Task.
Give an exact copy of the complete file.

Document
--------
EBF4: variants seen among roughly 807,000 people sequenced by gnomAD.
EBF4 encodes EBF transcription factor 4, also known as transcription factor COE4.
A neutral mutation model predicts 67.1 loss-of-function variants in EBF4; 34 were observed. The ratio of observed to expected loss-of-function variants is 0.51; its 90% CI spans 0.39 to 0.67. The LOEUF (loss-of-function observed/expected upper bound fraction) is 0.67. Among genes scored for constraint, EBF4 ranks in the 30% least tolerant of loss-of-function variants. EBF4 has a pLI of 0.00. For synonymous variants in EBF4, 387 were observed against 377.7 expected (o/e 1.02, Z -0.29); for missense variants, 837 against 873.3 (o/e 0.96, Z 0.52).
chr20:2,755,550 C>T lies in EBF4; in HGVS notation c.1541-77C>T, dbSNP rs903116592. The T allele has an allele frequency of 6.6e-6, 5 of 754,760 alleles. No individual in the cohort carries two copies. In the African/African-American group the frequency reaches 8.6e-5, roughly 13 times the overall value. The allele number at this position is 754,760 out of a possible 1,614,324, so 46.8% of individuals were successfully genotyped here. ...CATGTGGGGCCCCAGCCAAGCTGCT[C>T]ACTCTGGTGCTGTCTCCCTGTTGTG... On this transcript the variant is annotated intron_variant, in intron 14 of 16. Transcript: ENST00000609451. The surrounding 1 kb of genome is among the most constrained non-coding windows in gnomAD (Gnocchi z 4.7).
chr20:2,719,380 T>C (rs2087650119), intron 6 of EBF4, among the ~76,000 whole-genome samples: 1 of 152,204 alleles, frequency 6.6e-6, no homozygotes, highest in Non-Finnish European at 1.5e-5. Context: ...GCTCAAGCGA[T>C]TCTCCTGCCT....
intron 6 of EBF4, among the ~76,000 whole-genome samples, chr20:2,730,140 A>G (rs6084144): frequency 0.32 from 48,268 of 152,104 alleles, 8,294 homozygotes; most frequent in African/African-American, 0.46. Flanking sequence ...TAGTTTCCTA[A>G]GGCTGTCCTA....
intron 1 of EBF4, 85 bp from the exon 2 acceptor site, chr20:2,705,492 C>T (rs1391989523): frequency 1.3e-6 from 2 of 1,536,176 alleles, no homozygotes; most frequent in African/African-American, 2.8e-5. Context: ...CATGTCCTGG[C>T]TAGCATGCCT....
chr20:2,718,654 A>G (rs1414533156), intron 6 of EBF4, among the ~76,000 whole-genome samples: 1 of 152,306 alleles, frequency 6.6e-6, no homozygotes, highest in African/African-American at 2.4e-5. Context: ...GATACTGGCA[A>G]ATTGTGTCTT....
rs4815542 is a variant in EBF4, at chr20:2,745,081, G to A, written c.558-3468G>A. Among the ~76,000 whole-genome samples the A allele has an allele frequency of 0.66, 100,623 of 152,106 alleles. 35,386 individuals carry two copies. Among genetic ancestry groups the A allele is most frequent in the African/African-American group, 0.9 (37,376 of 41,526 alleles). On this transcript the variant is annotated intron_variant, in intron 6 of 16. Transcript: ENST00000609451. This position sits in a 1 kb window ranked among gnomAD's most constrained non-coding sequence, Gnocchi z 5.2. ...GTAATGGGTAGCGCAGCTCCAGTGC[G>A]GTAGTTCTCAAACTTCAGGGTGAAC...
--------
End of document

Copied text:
EBF4: variants seen among roughly 807,000 people sequenced by gnomAD.
EBF4 encodes EBF transcription factor 4, also known as transcription factor COE4.
A neutral mutation model predicts 67.1 loss-of-function variants in EBF4; 34 were observed. The ratio of observed to expected loss-of-function variants is 0.51; its 90% CI spans 0.39 to 0.67. The LOEUF (loss-of-function observed/expected upper bound fraction) is 0.67. Among genes scored for constraint, EBF4 ranks in the 30% least tolerant of loss-of-function variants. EBF4 has a pLI of 0.00. For synonymous variants in EBF4, 387 were observed against 377.7 expected (o/e 1.02, Z -0.29); for missense variants, 837 against 873.3 (o/e 0.96, Z 0.52).
chr20:2,755,550 C>T lies in EBF4; in HGVS notation c.1541-77C>T, dbSNP rs903116592. The T allele has an allele frequency of 6.6e-6, 5 of 754,760 alleles. No individual in the cohort carries two copies. In the African/African-American group the frequency reaches 8.6e-5, roughly 13 times the overall value. The allele number at this position is 754,760 out of a possible 1,614,324, so 46.8% of individuals were successfully genotyped here. ...CATGTGGGGCCCCAGCCAAGCTGCT[C>T]ACTCTGGTGCTGTCTCCCTGTTGTG... On this transcript the variant is annotated intron_variant, in intron 14 of 16. Transcript: ENST00000609451. The surrounding 1 kb of genome is among the most constrained non-coding windows in gnomAD (Gnocchi z 4.7).
chr20:2,719,380 T>C (rs2087650119), intron 6 of EBF4, among the ~76,000 whole-genome samples: 1 of 152,204 alleles, frequency 6.6e-6, no homozygotes, highest in Non-Finnish European at 1.5e-5. Context: ...GCTCAAGCGA[T>C]TCTCCTGCCT....
intron 6 of EBF4, among the ~76,000 whole-genome samples, chr20:2,730,140 A>G (rs6084144): frequency 0.32 from 48,268 of 152,104 alleles, 8,294 homozygotes; most frequent in African/African-American, 0.46. Flanking sequence ...TAGTTTCCTA[A>G]GGCTGTCCTA....
intron 1 of EBF4, 85 bp from the exon 2 acceptor site, chr20:2,705,492 C>T (rs1391989523): frequency 1.3e-6 from 2 of 1,536,176 alleles, no homozygotes; most frequent in African/African-American, 2.8e-5. Context: ...CATGTCCTGG[C>T]TAGCATGCCT....
chr20:2,718,654 A>G (rs1414533156), intron 6 of EBF4, among the ~76,000 whole-genome samples: 1 of 152,306 alleles, frequency 6.6e-6, no homozygotes, highest in African/African-American at 2.4e-5. Context: ...GATACTGGCA[A>G]ATTGTGTCTT....
rs4815542 is a variant in EBF4, at chr20:2,745,081, G to A, written c.558-3468G>A. Among the ~76,000 whole-genome samples the A allele has an allele frequency of 0.66, 100,623 of 152,106 alleles. 35,386 individuals carry two copies. Among genetic ancestry groups the A allele is most frequent in the African/African-American group, 0.9 (37,376 of 41,526 alleles). On this transcript the variant is annotated intron_variant, in intron 6 of 16. Transcript: ENST00000609451. This position sits in a 1 kb window ranked among gnomAD's most constrained non-coding sequence, Gnocchi z 5.2. ...GTAATGGGTAGCGCAGCTCCAGTGC[G>A]GTAGTTCTCAAACTTCAGGGTGAAC...